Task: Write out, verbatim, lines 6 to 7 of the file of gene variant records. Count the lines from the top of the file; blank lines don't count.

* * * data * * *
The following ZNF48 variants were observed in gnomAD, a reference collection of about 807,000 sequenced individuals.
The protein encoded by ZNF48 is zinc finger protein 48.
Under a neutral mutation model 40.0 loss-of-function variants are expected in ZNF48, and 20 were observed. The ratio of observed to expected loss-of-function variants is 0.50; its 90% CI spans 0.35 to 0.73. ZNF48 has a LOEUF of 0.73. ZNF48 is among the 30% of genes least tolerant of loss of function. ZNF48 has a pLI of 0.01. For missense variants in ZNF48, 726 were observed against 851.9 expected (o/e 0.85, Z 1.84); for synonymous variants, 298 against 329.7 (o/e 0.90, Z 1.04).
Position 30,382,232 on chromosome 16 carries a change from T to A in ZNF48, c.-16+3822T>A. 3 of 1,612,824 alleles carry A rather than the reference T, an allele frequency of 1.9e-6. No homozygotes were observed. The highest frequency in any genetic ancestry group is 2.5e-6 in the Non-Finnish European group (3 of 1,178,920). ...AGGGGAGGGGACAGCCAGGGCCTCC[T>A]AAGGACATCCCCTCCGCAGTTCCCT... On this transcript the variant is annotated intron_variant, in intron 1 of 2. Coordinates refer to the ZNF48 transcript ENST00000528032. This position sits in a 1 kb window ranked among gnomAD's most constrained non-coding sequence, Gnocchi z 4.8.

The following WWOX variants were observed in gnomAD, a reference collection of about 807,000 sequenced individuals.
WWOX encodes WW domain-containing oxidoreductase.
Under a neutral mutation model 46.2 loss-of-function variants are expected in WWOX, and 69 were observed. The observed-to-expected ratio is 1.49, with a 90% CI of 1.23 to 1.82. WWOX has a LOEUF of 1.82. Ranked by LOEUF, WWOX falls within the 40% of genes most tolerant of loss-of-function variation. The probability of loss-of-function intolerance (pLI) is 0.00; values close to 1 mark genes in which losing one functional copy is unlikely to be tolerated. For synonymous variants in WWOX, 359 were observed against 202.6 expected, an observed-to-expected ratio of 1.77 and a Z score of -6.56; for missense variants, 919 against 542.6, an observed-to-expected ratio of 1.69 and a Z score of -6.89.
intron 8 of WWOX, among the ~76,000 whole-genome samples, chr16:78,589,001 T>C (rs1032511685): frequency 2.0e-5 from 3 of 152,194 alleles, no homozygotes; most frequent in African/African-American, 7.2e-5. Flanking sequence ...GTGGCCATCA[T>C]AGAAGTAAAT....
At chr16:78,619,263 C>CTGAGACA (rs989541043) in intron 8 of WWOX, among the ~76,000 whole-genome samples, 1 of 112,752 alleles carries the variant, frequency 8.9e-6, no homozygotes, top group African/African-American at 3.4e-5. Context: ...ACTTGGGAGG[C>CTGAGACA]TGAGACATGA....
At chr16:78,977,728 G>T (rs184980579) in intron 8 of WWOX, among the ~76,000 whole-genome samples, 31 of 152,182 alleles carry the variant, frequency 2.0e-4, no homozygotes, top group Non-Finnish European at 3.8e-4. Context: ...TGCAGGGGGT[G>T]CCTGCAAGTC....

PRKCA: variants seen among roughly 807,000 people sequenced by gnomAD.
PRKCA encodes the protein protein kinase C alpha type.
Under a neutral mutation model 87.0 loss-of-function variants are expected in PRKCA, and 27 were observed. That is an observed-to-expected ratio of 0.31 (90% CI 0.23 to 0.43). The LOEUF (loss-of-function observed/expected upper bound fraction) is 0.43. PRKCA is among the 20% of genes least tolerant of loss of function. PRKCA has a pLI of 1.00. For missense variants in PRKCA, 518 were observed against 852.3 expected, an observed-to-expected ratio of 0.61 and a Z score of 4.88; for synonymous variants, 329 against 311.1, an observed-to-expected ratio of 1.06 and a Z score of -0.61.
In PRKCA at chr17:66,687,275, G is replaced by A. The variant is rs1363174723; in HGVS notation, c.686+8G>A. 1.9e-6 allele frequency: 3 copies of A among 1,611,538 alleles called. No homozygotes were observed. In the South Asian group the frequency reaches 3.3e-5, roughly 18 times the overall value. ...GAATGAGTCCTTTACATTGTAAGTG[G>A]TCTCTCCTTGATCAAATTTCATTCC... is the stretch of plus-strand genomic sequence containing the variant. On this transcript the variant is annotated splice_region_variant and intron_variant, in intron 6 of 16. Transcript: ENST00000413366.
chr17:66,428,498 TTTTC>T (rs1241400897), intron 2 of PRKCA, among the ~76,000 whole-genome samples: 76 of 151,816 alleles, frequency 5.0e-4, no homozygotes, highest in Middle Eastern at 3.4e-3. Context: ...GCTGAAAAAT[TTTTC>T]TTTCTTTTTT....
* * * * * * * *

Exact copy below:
WWOX encodes WW domain-containing oxidoreductase.
Under a neutral mutation model 46.2 loss-of-function variants are expected in WWOX, and 69 were observed. The observed-to-expected ratio is 1.49, with a 90% CI of 1.23 to 1.82. WWOX has a LOEUF of 1.82. Ranked by LOEUF, WWOX falls within the 40% of genes most tolerant of loss-of-function variation. The probability of loss-of-function intolerance (pLI) is 0.00; values close to 1 mark genes in which losing one functional copy is unlikely to be tolerated. For synonymous variants in WWOX, 359 were observed against 202.6 expected, an observed-to-expected ratio of 1.77 and a Z score of -6.56; for missense variants, 919 against 542.6, an observed-to-expected ratio of 1.69 and a Z score of -6.89.